The First National Bank Of Seneca
The First National Bank Of Seneca in Missouri printed $26,000 dollars worth of national currency. In the scheme of things, that is a very tiny output. Notes from this bank should be rare. This national bank opened in 1905 and stopped printing money in 1906, which equals a 2 year printing period. That means that money from this bank was not entering circulation very often. During its life, The First National Bank Of Seneca issued 2 different types and denominations of national currency. We have examples of the types listed below. Your bank note should look similar. Just the bank name will be different. For the record, The First National Bank Of Seneca was located in Newton County. It was assigned charter number 7656.
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The First National Bank Of Seneca in Missouri printed 520 sheets of $10 1902 red seal national bank notes. All red seals are very rare. But that sheet output is extremely low. We would love to see a picture of what you have. Collectors love ten dollar 1902 red seals. They usually represent the rarest bank notes printed by any national bank. Don’t let the term “series of 1902” confuse you. These were actually printed for about six years between 1902 and 1908. That is obviously a very short issue period which means that many red seals are quite rare. Each note has a portrait of William McKinley. Be sure to check the number under McKinley. If it is #1 then you are dealing with a note from the first sheet of bank notes issued. Number one bank notes are worth even more money than the already rare red seals.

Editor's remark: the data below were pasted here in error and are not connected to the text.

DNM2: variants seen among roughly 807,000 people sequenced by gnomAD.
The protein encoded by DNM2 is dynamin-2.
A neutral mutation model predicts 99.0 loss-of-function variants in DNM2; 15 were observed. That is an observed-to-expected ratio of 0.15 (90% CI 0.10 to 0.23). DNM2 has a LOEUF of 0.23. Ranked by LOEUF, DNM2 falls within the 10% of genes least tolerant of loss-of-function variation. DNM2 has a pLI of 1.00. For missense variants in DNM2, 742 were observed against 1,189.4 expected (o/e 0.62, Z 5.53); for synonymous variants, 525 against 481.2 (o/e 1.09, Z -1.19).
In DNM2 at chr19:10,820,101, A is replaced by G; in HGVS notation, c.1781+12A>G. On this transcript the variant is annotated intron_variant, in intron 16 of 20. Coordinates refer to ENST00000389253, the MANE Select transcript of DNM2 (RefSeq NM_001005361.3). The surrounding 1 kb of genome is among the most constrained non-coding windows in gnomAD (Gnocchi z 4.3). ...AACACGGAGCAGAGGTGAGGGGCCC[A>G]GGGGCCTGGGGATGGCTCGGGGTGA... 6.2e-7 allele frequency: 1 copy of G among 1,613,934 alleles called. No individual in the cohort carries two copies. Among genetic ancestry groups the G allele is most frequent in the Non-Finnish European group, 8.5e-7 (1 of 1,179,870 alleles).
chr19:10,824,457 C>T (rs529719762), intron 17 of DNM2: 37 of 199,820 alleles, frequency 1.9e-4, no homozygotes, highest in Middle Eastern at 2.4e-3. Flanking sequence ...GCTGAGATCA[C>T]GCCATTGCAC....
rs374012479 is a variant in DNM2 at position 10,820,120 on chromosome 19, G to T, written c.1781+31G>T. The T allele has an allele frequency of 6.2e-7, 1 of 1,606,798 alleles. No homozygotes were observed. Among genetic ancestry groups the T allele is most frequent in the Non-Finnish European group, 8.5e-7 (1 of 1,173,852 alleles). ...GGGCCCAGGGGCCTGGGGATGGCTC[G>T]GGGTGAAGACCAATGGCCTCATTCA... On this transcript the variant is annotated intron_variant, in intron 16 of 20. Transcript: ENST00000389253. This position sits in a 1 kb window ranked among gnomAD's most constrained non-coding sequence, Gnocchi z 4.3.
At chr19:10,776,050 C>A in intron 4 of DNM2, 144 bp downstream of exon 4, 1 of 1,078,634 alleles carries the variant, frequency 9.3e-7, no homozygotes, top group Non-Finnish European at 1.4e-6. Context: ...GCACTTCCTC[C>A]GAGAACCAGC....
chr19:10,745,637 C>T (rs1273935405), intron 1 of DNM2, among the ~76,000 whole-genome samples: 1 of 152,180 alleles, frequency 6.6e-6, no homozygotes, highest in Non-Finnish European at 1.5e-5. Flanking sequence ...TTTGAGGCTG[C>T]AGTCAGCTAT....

1902 $10 Red Seal National Bank Note
The First National Bank Of Seneca printed 520 sheets of $20 1902 red seal national bank notes. Twenty dollar red seal bank notes have poor survival rates. They don’t command premiums compared to the ten dollar denomination, but they are definitely rarer. All 1902 red seals were printed on four note sheets. There were three ten dollar bills and one twenty dollar bill per sheet. The 1902 $20 notes have a portrait of Hugh McCulloch on them. The charter number and seal are both printed in red ink. The serial numbers have a slight blue tint to them. The charter number is printed around the border of the note several times. The bank’s title is right in the middle of the note and the state of issue is printed just below the title. Remember that all national bank notes are valued based on their condition and rarity. The same rule applies to 1902 $20 red seals.
1902 $20 Red Seal National Bank Note